A teacher wants to get a sense of your mechanics -- basically, what you do well and what they'll need to fix. But what is often really important is how you respond to their feedback -- how quickly you can make requested changes (i.e., how fast you learn), your openness to being taught, your concentration and engagement with the lesson, and other factors that help determine whether or not it'll be a successful pupil relationship.

July 29, 2016 at 10:20 PM · This teacher requires a Bach solo partida for audition and my previous teachers never had me play them. That is why I am trying to learn this. Trust me it's not ideal

July 29, 2016 at 10:37 PM · PartiTa not partiDa!

Cheers Carlo

July 29, 2016 at 11:13 PM · That's an unusual audition requirement, but okay.

How about the E Major Giga? That's the last piece in the book. I think that's a bit easier than the D Minor Allemande and not as long either.

If you've set your mind on the D Minor Allemande, then one of the suggestions I've heard from many teachers about this piece is that there are many sections that you can interpret in terms of a conversation between a lower, sterner voice, and an upper, more curious or youthful voice. There are a few sequences that can be played with lifts of the bow, and these can inject more light-hearted moments into the piece -- let that happen. It's a dance, not a dirge.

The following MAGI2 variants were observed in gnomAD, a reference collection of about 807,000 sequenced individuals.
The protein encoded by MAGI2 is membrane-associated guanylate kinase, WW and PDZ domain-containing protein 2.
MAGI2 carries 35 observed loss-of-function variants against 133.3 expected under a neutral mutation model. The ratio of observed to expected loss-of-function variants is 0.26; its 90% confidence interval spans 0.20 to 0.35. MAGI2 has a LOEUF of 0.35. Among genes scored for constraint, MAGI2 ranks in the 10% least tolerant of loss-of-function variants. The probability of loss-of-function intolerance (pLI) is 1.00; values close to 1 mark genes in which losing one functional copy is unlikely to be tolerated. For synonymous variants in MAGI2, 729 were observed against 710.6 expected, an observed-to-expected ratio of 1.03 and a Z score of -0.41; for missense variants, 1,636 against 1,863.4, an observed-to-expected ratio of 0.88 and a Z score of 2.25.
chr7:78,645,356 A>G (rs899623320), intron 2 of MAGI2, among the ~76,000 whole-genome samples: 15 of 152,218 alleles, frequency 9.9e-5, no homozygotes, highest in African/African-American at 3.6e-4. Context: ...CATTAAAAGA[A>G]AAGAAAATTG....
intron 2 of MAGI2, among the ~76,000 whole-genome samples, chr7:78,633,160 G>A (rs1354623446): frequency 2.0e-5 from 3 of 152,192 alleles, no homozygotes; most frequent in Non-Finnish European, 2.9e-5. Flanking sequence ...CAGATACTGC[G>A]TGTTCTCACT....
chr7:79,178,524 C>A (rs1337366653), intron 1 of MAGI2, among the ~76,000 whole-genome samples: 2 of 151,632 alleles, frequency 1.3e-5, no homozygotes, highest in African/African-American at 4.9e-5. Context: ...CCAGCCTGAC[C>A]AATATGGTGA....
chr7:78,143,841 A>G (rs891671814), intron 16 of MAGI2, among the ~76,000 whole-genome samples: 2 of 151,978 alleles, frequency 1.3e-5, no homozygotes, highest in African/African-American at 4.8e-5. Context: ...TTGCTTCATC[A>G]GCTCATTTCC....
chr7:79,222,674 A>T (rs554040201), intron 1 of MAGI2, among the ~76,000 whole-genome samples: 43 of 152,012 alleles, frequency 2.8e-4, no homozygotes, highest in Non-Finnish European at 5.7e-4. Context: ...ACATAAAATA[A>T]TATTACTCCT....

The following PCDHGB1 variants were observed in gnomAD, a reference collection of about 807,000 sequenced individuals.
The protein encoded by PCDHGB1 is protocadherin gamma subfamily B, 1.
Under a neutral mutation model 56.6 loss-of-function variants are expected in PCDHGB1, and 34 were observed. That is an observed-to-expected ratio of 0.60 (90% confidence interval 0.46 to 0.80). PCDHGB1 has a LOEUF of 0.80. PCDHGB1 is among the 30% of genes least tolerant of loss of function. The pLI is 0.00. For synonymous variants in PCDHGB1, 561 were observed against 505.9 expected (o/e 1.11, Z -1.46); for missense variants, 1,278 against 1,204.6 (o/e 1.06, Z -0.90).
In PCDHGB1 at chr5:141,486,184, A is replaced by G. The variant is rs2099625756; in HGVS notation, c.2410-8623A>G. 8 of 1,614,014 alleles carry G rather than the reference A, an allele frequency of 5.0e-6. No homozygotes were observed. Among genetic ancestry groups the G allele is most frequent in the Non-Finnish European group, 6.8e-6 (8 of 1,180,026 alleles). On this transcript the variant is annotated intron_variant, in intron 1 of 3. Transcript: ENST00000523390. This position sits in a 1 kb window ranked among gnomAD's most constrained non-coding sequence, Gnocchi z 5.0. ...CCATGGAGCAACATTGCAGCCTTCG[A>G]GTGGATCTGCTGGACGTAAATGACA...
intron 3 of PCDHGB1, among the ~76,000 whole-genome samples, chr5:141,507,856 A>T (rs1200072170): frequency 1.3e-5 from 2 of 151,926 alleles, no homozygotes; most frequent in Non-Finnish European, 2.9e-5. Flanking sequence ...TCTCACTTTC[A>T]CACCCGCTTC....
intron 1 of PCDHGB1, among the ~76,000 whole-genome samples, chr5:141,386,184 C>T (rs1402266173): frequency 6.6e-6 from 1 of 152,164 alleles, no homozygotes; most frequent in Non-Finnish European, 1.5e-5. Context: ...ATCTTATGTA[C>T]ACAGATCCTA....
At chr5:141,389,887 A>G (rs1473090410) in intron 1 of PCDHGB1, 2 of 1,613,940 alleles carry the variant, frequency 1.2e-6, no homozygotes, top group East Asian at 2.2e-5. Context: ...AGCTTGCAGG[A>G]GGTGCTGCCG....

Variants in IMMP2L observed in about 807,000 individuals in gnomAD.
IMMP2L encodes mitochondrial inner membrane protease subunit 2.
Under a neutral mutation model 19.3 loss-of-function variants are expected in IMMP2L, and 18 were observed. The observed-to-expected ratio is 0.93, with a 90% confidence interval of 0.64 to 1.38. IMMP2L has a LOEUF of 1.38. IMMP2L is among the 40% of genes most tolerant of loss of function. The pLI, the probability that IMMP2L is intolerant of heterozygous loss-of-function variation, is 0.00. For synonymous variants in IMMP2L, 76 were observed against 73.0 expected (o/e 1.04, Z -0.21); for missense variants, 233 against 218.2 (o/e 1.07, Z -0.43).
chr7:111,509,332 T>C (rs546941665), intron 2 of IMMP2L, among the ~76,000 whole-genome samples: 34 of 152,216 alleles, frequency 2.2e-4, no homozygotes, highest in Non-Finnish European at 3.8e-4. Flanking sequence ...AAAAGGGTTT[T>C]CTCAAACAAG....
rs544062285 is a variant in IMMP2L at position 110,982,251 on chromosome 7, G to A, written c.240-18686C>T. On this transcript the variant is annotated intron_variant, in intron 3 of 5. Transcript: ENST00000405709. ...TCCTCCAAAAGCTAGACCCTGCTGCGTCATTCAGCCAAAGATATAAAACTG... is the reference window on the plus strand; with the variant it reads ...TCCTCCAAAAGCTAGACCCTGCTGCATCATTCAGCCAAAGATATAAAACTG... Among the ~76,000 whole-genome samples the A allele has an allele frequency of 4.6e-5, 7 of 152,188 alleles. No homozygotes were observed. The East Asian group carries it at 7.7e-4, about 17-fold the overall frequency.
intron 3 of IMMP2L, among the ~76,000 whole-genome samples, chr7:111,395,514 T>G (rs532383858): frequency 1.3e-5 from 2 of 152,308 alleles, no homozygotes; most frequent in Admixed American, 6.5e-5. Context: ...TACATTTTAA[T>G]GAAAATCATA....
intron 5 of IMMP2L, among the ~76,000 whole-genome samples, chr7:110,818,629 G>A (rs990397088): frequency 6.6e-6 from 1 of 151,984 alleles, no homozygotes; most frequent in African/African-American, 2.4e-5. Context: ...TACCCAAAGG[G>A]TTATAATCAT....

I further suggest that you don't overdo the rubato or get too carried away with long "expressive" tenuto notes. And don't play a damned harmonic every chance you get. You lose opportunities for rich coloring when you do that. But because this is an audition, I don't recommend that you stifle your vibrato. Shape the phrases with your dynamics and manage your sound point carefully. Go through the whole thing and plan out your bow distribution. Remember that these pieces were composed by someone who understood the violin quite thoroughly.

2nd position is your friend.

Scott Cole's comments are quite good IMO.

July 30, 2016 at 03:27 AM · Joseph Szigeti fully described the performance of the D minor Allemande in his book "Szigeti on the Violin" with full annotation of the score and if you private message me with your email address I will send you a pdf copy of that chapter.